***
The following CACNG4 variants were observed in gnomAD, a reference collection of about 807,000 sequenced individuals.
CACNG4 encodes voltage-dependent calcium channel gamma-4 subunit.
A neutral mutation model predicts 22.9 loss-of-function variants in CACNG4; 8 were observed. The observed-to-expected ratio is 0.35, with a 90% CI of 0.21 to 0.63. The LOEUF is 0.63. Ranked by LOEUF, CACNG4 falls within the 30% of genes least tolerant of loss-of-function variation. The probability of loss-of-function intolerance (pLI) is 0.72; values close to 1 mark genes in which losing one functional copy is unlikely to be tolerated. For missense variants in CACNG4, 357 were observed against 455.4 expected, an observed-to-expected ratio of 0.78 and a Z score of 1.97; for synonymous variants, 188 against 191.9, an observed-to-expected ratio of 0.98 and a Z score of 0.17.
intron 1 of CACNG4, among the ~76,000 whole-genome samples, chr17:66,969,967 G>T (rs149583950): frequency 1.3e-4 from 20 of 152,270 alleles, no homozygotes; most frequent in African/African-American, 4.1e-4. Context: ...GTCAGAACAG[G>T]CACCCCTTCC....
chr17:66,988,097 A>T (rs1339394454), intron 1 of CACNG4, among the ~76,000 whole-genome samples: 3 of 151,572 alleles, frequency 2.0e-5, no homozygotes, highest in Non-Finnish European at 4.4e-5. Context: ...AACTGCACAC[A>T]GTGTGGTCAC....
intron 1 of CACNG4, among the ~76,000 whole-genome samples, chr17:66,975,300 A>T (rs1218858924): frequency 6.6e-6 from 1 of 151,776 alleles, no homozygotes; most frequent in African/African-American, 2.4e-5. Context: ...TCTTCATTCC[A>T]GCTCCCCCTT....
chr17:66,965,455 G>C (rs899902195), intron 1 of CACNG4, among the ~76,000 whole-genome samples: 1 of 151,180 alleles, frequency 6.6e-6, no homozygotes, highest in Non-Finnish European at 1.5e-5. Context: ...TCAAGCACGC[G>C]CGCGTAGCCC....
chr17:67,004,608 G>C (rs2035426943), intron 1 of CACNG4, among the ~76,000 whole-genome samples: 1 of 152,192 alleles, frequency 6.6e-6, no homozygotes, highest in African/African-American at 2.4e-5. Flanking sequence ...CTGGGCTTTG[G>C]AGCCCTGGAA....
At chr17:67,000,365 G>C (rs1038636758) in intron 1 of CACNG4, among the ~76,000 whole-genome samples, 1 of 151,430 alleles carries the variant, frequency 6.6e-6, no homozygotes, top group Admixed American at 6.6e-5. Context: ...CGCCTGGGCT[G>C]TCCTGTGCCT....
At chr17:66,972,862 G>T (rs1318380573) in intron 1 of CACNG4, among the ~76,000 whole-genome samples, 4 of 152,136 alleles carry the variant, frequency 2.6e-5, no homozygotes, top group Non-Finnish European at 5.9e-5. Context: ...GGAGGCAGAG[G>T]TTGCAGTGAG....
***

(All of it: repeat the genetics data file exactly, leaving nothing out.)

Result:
The following CACNG4 variants were observed in gnomAD, a reference collection of about 807,000 sequenced individuals.
CACNG4 encodes voltage-dependent calcium channel gamma-4 subunit.
A neutral mutation model predicts 22.9 loss-of-function variants in CACNG4; 8 were observed. The observed-to-expected ratio is 0.35, with a 90% CI of 0.21 to 0.63. The LOEUF is 0.63. Ranked by LOEUF, CACNG4 falls within the 30% of genes least tolerant of loss-of-function variation. The probability of loss-of-function intolerance (pLI) is 0.72; values close to 1 mark genes in which losing one functional copy is unlikely to be tolerated. For missense variants in CACNG4, 357 were observed against 455.4 expected, an observed-to-expected ratio of 0.78 and a Z score of 1.97; for synonymous variants, 188 against 191.9, an observed-to-expected ratio of 0.98 and a Z score of 0.17.
intron 1 of CACNG4, among the ~76,000 whole-genome samples, chr17:66,969,967 G>T (rs149583950): frequency 1.3e-4 from 20 of 152,270 alleles, no homozygotes; most frequent in African/African-American, 4.1e-4. Context: ...GTCAGAACAG[G>T]CACCCCTTCC....
chr17:66,988,097 A>T (rs1339394454), intron 1 of CACNG4, among the ~76,000 whole-genome samples: 3 of 151,572 alleles, frequency 2.0e-5, no homozygotes, highest in Non-Finnish European at 4.4e-5. Context: ...AACTGCACAC[A>T]GTGTGGTCAC....
intron 1 of CACNG4, among the ~76,000 whole-genome samples, chr17:66,975,300 A>T (rs1218858924): frequency 6.6e-6 from 1 of 151,776 alleles, no homozygotes; most frequent in African/African-American, 2.4e-5. Context: ...TCTTCATTCC[A>T]GCTCCCCCTT....
chr17:66,965,455 G>C (rs899902195), intron 1 of CACNG4, among the ~76,000 whole-genome samples: 1 of 151,180 alleles, frequency 6.6e-6, no homozygotes, highest in Non-Finnish European at 1.5e-5. Context: ...TCAAGCACGC[G>C]CGCGTAGCCC....
chr17:67,004,608 G>C (rs2035426943), intron 1 of CACNG4, among the ~76,000 whole-genome samples: 1 of 152,192 alleles, frequency 6.6e-6, no homozygotes, highest in African/African-American at 2.4e-5. Flanking sequence ...CTGGGCTTTG[G>C]AGCCCTGGAA....
At chr17:67,000,365 G>C (rs1038636758) in intron 1 of CACNG4, among the ~76,000 whole-genome samples, 1 of 151,430 alleles carries the variant, frequency 6.6e-6, no homozygotes, top group Admixed American at 6.6e-5. Context: ...CGCCTGGGCT[G>C]TCCTGTGCCT....
At chr17:66,972,862 G>T (rs1318380573) in intron 1 of CACNG4, among the ~76,000 whole-genome samples, 4 of 152,136 alleles carry the variant, frequency 2.6e-5, no homozygotes, top group Non-Finnish European at 5.9e-5. Context: ...GGAGGCAGAG[G>T]TTGCAGTGAG....